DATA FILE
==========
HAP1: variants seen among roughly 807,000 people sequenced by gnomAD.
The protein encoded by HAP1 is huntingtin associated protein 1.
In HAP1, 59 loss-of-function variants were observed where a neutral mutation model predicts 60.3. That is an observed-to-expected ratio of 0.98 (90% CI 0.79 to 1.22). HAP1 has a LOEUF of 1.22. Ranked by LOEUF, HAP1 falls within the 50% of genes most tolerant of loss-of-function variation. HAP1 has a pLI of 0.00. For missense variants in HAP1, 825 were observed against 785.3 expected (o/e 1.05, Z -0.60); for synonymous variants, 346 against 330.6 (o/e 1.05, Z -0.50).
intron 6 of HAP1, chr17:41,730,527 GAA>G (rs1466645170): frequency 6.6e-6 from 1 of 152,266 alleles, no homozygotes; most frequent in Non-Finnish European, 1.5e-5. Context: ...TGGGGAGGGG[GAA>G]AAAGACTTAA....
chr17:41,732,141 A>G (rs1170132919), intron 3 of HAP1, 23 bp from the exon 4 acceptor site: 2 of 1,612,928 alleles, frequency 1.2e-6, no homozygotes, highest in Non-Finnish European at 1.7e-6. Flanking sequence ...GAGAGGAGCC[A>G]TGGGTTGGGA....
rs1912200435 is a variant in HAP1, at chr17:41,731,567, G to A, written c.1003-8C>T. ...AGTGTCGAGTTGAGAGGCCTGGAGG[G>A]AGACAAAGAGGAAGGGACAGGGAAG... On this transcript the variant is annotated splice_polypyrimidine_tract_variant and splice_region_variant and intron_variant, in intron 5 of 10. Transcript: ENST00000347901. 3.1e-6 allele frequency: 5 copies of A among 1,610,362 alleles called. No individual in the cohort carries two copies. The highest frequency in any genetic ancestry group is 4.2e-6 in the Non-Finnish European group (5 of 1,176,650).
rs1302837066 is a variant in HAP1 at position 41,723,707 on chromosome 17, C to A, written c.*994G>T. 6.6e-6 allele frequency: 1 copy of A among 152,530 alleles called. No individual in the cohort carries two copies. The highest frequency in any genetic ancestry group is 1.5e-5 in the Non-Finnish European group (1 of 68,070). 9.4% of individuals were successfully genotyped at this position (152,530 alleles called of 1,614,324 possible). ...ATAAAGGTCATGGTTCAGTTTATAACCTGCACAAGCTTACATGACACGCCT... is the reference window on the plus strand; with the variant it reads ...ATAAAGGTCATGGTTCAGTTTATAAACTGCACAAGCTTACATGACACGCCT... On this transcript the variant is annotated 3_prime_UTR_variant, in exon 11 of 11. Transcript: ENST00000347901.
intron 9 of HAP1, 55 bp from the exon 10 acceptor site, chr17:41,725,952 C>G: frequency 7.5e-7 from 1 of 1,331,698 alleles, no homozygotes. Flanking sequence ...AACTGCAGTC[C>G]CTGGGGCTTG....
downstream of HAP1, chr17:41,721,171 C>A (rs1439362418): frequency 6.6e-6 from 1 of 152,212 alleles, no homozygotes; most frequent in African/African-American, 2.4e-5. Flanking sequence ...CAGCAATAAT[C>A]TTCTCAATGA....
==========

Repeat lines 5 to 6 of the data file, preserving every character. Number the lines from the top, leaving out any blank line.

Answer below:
chr17:41,732,141 A>G (rs1170132919), intron 3 of HAP1, 23 bp from the exon 4 acceptor site: 2 of 1,612,928 alleles, frequency 1.2e-6, no homozygotes, highest in Non-Finnish European at 1.7e-6. Flanking sequence ...GAGAGGAGCC[A>G]TGGGTTGGGA....
rs1912200435 is a variant in HAP1, at chr17:41,731,567, G to A, written c.1003-8C>T. ...AGTGTCGAGTTGAGAGGCCTGGAGG[G>A]AGACAAAGAGGAAGGGACAGGGAAG... On this transcript the variant is annotated splice_polypyrimidine_tract_variant and splice_region_variant and intron_variant, in intron 5 of 10. Transcript: ENST00000347901. 3.1e-6 allele frequency: 5 copies of A among 1,610,362 alleles called. No individual in the cohort carries two copies. The highest frequency in any genetic ancestry group is 4.2e-6 in the Non-Finnish European group (5 of 1,176,650).